Last issue Jude Long identified important gaps between Indigenous Australians and the rest of
Australian society. Here she suggests some first steps for Christians who are keen to see those gaps closed.
Dr Jude Long is Principal of Nungalinya College, Darwin, NT

In my previous article I outlined the significant gap that exists between Indigenous Christians in remote communities, and mainstream English speaking Christians. This gap includes areas such as health, life expectancy, safety, literacy, and resourcing in Christian faith. Obviously this is a huge issue! This article attempts to explore some concrete things the church in Australia can be doing to help reduce this gap.

1. Awareness

Many people within the church are unaware of the reality of life for Indigenous people in remote communities. Few would have an understanding of the significant cultural and linguistic differences that exist between Indigenous and non-Indigenous Australians.

This first step may seem obvious, but it is essential for the church to become aware of the diversity of Indigenous languages and cultures, of the history of engagement between Indigenous and Non-Indigenous Australians and of the situation today. I think this is especially significant for our young people. There are a number of great resources available like “Australians Together” a four part DVD series that is suitable for small groups that can really help this.


A significant part of closing the gap is also to start listening to Indigenous voices in our churches. This might be started by using Christian Indigenous songs, prayers, art work, film clips etc in our churches. To be intentionally seeking out the “good” stories coming out of Indigenous communities, and sharing them to provide a balance to the media’s presentation of hopelessness and violence, would go a long way to developing a better awareness of our Indigenous brothers and sisters. For example each year Nungalinya College’s media students produce a film of their own story. They are a wonderful insight into people’s lives and faith journey (search Nungalinya Media on Youtube).

2. Long term relationships

Having developed some awareness, the next important step is building relationships. One of the keys to closing the gap is to recognise that it is a gap between people. It is not a “problem” to be solved (particularly if the Indigenous people are painted as the ones who are the problem!) but rather a relationship to be healed.
As with any relationship this will start with small steps. Not everyone can go and meet Indigenous people in their remote communities. However, there may be ways to start relationships locally with Indigenous people. Attending public Indigenous cultural events is a start. This might be the basis of making friends with some local Indigenous people. I recognise that this is not always possible locally but to be prayerfully seeking opportunities and intentionally participating as a church would be fantastic.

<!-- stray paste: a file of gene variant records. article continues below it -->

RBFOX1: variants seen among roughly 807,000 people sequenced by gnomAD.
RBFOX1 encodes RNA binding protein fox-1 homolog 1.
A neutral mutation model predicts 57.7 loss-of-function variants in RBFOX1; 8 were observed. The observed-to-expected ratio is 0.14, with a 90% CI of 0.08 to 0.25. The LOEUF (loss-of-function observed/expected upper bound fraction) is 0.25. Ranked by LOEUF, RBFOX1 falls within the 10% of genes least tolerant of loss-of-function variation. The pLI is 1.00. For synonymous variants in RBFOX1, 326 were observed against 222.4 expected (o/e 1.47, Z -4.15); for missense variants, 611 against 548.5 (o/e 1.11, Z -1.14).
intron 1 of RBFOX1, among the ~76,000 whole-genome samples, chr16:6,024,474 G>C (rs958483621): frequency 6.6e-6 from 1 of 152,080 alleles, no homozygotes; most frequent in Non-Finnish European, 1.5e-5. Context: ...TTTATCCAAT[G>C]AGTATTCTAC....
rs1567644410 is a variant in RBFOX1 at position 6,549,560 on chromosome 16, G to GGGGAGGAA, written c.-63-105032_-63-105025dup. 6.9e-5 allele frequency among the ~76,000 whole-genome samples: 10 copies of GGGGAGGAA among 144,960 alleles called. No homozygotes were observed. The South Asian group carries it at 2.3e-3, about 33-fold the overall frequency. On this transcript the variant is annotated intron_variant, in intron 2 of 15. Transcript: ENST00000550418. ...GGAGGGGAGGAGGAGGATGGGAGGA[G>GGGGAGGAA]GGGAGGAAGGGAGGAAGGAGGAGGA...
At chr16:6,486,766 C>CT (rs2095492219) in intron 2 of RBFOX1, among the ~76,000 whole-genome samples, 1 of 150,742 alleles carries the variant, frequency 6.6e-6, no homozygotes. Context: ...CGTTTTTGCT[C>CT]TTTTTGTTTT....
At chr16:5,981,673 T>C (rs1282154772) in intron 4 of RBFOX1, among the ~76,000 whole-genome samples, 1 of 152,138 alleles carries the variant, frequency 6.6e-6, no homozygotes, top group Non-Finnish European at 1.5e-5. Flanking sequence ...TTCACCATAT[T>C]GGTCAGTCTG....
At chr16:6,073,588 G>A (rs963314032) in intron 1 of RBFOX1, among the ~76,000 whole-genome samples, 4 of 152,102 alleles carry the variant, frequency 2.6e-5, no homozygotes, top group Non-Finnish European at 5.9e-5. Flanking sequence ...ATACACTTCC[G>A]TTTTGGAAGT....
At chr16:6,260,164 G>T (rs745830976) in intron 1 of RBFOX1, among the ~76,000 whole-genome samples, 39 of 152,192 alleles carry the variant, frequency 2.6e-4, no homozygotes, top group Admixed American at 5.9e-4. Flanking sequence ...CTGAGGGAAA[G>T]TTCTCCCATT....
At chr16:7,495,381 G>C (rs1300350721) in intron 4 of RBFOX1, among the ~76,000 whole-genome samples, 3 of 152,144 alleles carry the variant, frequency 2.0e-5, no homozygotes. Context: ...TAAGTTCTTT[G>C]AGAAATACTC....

At a corporate level, churches can be building relationships with Indigenous churches and also organisations working with Indigenous Christians. For example, a number of churches partner with Nungalinya College. This may involve a team or individual from the church coming and spending time at the College, and also the opportunity for a representative of the College to visit the church. A real sense of partnership is emerging through these ongoing relationships between the College and some churches.

3. Lobbying Government

Once there is an awareness of the challenges facing Indigenous people, the church can be vocal in lobbying government. There is a trend at present to significantly cut Federal Government funding and programs for Indigenous people. This is causing uncertainty about the future of many long running and successful programs.
Writing letters to government may seem to have little impact, but I can report that we were contacted by the Federal government on the basis of letters that were written when Nungalinya College was facing a significant cut in funding. These letters do actually have to be addressed by government and may have contributed to a new funding offer that was made to the College.

4. Paying the Rent

A more controversial suggestion of how as a church we can be working to close the gap, is to recognise that all our churches are on land that was taken from Aboriginal people. I am aware of a number of churches that intentionally seek to ‘pay the rent’. This doesn’t mean an actual rental paid to the traditional owners, but to intentionally direct an amount into supporting ministry with Indigenous people. This has the value of assisting those ministries, while at the same time raising the awareness of the church itself about the history of the land they are on.


There are many more ways to begin the journey of closing the gap. These are just a few starters. However, the key is an attitude of repentance for past wrongs, a desire to be one in Christ, and a willingness for the non-Indigenous church to be changed by its engagement with Indigenous brothers and sisters. This will be difficult, but is part of the challenge of following our Lord Jesus who brings reconciliation for all people with God and with each other.